4. Discussion

This study found some interesting effects of irradiating the seeds of these three plants, especially in the germination phase where the lower doses tend to stimulate the majority of the parameters considered. In the second phase, however, irradiation had no significant effect on all the parameters studied in these three plants. Also, there is a considerable level of variability in these data (as portrayed by the error bars in the bar charts and R2 values in the scatter plots). These might be the consequence of several environmental factors, such as the amount of water that each plant receives. Even though we adopted a bottom watering technique in this experiment, it is still difficult to ensure that each individual gets exactly the same quantity of water; also, even under controlled conditions, certain traits/features in plants can be quite variable. However, the substantial sample size used in this study, and randomised block design were used to account for any significant variation. It’s also worth noting that a correlation or link between doses and parameters doesn’t always imply causality, especially if it only explains a small portion of the observed variance [46] [47]. These results, therefore, need to be interpreted with caution.

4.1. Effect of Gamma Radiation on Irradiated Seeds’ Weight

Contrary to expectation, Table 3 showed that the gamma doses used for this study had no significant effect on the weight of the seeds of the three plants. This finding is contrary to that of [48] in their work on four varieties of Vicia faba. A possible explanation for this could be as a result of the doses used in that study which are quite high (0 - 50,000 mGray); another possible explanation for this could be ascribed to the different variety of V. faba used in this present study as it has been established in literature that different varieties/genotypes/accessions of plants react differently to gamma irradiation [48] [49] [50]. Reference [48] also noticed a similar reaction in the four varieties used in the study. Reference [51] however noticed a significant decline in the weight of 100 seeds of Arachis hypogaea in all the three accessions used for their study, their finding is also not in harmony with the result of this study, and this could be attributed to the high doses used (0 - 600,000 mGray), and they are intended for crop improvement.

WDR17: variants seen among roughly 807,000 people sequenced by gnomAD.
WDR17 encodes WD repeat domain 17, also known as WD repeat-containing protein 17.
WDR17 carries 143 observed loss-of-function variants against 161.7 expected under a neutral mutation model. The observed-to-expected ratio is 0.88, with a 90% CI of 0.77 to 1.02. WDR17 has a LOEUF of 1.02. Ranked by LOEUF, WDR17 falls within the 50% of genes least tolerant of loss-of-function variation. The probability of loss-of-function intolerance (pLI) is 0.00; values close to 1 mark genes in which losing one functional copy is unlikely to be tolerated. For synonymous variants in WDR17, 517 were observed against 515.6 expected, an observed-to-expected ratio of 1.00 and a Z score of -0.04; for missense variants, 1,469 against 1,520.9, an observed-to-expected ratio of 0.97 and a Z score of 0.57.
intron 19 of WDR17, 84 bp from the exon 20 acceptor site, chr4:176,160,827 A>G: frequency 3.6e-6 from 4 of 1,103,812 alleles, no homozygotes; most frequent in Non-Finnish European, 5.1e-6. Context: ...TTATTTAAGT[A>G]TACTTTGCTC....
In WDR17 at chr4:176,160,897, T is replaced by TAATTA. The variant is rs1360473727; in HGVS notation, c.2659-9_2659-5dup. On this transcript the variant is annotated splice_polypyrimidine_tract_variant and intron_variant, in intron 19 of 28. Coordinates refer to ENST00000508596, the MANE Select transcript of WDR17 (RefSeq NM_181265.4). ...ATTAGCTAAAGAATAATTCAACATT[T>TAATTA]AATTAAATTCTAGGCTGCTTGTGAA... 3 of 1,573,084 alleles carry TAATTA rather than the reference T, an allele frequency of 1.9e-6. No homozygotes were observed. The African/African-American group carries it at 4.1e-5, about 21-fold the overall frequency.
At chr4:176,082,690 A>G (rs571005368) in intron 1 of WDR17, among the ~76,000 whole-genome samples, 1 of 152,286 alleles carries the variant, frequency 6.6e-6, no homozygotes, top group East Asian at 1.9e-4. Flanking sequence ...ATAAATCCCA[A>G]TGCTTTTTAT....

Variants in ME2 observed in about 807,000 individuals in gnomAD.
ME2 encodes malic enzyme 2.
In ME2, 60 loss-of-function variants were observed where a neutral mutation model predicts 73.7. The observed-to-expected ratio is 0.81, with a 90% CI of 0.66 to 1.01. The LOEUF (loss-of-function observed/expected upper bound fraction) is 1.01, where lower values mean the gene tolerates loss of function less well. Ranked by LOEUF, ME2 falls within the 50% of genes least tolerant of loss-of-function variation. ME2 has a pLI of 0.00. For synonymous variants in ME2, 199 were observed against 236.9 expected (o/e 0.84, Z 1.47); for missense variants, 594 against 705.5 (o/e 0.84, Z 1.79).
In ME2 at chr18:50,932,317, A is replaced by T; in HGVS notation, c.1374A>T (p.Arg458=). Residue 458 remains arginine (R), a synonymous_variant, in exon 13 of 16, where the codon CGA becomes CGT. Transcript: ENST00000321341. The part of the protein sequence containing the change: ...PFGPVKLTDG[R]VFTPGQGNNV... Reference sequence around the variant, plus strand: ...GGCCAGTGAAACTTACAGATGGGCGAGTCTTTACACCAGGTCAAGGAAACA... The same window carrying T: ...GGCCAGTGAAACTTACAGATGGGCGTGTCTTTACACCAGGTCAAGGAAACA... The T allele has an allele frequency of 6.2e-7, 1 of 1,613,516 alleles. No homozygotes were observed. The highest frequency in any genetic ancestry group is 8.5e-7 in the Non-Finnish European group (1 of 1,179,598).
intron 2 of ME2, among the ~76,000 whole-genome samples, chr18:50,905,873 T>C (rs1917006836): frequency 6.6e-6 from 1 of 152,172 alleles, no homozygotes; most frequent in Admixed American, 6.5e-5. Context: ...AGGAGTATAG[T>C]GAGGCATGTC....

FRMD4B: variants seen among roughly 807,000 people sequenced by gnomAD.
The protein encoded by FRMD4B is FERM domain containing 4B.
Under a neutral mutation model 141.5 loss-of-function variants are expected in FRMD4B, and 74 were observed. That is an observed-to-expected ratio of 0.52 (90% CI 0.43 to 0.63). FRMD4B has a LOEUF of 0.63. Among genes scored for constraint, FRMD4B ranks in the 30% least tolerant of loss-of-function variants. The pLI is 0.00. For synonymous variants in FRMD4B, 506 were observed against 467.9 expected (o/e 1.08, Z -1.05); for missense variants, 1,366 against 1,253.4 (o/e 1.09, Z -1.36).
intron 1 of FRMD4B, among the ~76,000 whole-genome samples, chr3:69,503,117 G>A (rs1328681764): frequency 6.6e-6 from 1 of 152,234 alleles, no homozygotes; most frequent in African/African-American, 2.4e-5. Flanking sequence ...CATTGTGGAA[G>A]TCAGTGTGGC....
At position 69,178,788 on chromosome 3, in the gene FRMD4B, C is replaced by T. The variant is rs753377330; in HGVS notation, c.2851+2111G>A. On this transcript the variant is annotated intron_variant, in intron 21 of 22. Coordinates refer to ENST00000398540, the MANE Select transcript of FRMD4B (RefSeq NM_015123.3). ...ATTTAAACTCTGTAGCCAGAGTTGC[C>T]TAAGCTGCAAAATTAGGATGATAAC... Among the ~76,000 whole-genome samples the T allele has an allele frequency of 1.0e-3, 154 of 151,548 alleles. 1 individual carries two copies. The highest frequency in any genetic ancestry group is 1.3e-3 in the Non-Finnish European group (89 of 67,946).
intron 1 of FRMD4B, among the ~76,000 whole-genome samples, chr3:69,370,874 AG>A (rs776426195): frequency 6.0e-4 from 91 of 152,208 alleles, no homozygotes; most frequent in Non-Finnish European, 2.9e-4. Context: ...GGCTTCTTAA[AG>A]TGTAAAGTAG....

4.2. Effect of Gamma Irradiation on Germination Percentage and Rate

This experiment revealed that the gamma doses used had no significant effect on the germination percentage and rate of the three plants. This is contrary to most of the studies in the literature as there are many studies (majority of which are acute high doses) where lower doses (5 - 50 Gy) gave a stimulatory effect, followed by a substantial drop in germination percentage with increasing doses as seen in Table 1; [16] [18] [19]. In most cases, lethal effects are usually observed at the higher doses (>250 Gy), and this has been ascribed to a variety of factors, including an increase in membrane permeability, a decrease in α-amylase activity, a disruption in the meristematic tissues of the seeds, and in oily seeds, a reduction in lipase activity [52] [53]. Since the doses used within the present study are very low compared to these studies where acute high doses were used, this could be a possible explanation for this result. However, this finding is consistent with [20], where no significant effect was observed when V. faba seeds were exposed to 0 to 120,000 mGray gamma doses at intervals. A similar result was also reported in [54] in a study on P. sativum. Bringing it down to the context of this present study (doses within ICRP’s DCRLs), a dose rate of 40 μGy/h (0.04 mGy/h) was recorded in [23], and there was no long-term trend in the germination percentage of A. thaliana as there was no statistical difference in almost all the generations studied. This finding is in harmony with the result of this present study.

4.3. Effect of Gamma Irradiation on Root and Shoot Development

Figure 4 clearly showed that in Vigna radiata and Pisum sativum, all irradiated groups enhanced root and shoot length as they outperformed the control group. In both plants, the lower doses (16.2 mGy and 48.5 mGy) gave the best results for root and shoot length respectively at 7 and 14 DAS. This finding is consistent with that of [20] in a study on V. faba Cv. Saraziri where stimulatory effects were recorded at lower doses (25 Gy) for both root and shoot length. Reference [19] also recorded a similar trend to the one observed in the present study in their work on Pisum sativum, where all irradiated groups (except the highest-200 Gy) had a stimulatory effect on the root length. In most of these studies cited in the literature review (Table 1), it is very common to see the higher doses (>50 Gy) having lethal effects on the root and shoot with values most times lower than the control [13] [16] [55]. These changes in root length have been reported to be linked to ROS changes in roots after high acute irradiation [56].